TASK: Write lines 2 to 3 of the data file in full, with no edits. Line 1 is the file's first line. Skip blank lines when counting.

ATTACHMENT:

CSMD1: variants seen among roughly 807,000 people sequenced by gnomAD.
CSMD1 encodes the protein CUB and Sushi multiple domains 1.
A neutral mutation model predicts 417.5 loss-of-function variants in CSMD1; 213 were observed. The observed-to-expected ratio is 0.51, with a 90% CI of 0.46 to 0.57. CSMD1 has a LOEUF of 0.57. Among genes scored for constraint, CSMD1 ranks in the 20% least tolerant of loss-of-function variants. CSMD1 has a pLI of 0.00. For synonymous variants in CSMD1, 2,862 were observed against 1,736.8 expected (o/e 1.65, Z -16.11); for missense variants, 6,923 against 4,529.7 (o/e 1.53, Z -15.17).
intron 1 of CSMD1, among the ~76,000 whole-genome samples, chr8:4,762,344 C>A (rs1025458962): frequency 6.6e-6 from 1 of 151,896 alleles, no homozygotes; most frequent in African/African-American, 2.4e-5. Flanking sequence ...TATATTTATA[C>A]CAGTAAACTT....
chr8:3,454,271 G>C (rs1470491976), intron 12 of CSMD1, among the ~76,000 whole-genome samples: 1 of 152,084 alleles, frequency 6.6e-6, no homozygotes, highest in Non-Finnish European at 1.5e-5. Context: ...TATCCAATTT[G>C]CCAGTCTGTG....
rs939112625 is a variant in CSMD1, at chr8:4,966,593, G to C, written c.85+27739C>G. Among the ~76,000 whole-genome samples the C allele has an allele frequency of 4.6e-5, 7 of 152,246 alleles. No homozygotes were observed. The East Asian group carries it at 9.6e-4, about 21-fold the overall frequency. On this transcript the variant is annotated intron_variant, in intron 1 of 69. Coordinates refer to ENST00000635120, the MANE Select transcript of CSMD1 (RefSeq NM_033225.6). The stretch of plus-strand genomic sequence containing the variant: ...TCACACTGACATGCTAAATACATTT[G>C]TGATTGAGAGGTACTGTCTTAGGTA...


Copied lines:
CSMD1 encodes the protein CUB and Sushi multiple domains 1.
A neutral mutation model predicts 417.5 loss-of-function variants in CSMD1; 213 were observed. The observed-to-expected ratio is 0.51, with a 90% CI of 0.46 to 0.57. CSMD1 has a LOEUF of 0.57. Among genes scored for constraint, CSMD1 ranks in the 20% least tolerant of loss-of-function variants. CSMD1 has a pLI of 0.00. For synonymous variants in CSMD1, 2,862 were observed against 1,736.8 expected (o/e 1.65, Z -16.11); for missense variants, 6,923 against 4,529.7 (o/e 1.53, Z -15.17).